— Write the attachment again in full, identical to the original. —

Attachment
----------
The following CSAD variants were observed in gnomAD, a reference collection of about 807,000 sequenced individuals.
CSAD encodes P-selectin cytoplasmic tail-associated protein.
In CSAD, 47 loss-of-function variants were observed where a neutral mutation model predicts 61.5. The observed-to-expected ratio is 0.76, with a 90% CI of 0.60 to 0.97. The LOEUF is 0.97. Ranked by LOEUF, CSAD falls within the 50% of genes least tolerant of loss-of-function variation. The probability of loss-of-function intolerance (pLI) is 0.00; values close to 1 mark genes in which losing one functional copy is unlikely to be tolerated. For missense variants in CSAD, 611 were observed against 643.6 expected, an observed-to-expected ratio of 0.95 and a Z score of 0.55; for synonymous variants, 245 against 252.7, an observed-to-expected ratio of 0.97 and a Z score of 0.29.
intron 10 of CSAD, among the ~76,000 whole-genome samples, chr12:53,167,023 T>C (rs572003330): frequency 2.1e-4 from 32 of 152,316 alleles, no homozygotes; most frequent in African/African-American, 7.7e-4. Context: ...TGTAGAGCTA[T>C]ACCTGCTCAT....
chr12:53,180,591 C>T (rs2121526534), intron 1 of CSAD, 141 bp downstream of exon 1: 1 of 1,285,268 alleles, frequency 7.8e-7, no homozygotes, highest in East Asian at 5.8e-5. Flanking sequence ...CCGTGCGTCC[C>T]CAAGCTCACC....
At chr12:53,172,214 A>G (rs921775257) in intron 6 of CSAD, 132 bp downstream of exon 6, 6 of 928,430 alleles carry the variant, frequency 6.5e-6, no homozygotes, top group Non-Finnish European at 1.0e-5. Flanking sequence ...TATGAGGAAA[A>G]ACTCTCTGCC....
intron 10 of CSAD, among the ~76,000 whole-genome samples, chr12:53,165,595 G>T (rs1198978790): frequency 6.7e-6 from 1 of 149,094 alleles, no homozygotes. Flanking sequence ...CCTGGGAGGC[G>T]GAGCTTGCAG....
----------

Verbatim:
The following CSAD variants were observed in gnomAD, a reference collection of about 807,000 sequenced individuals.
CSAD encodes P-selectin cytoplasmic tail-associated protein.
In CSAD, 47 loss-of-function variants were observed where a neutral mutation model predicts 61.5. The observed-to-expected ratio is 0.76, with a 90% CI of 0.60 to 0.97. The LOEUF is 0.97. Ranked by LOEUF, CSAD falls within the 50% of genes least tolerant of loss-of-function variation. The probability of loss-of-function intolerance (pLI) is 0.00; values close to 1 mark genes in which losing one functional copy is unlikely to be tolerated. For missense variants in CSAD, 611 were observed against 643.6 expected, an observed-to-expected ratio of 0.95 and a Z score of 0.55; for synonymous variants, 245 against 252.7, an observed-to-expected ratio of 0.97 and a Z score of 0.29.
intron 10 of CSAD, among the ~76,000 whole-genome samples, chr12:53,167,023 T>C (rs572003330): frequency 2.1e-4 from 32 of 152,316 alleles, no homozygotes; most frequent in African/African-American, 7.7e-4. Context: ...TGTAGAGCTA[T>C]ACCTGCTCAT....
chr12:53,180,591 C>T (rs2121526534), intron 1 of CSAD, 141 bp downstream of exon 1: 1 of 1,285,268 alleles, frequency 7.8e-7, no homozygotes, highest in East Asian at 5.8e-5. Flanking sequence ...CCGTGCGTCC[C>T]CAAGCTCACC....
At chr12:53,172,214 A>G (rs921775257) in intron 6 of CSAD, 132 bp downstream of exon 6, 6 of 928,430 alleles carry the variant, frequency 6.5e-6, no homozygotes, top group Non-Finnish European at 1.0e-5. Flanking sequence ...TATGAGGAAA[A>G]ACTCTCTGCC....
intron 10 of CSAD, among the ~76,000 whole-genome samples, chr12:53,165,595 G>T (rs1198978790): frequency 6.7e-6 from 1 of 149,094 alleles, no homozygotes. Flanking sequence ...CCTGGGAGGC[G>T]GAGCTTGCAG....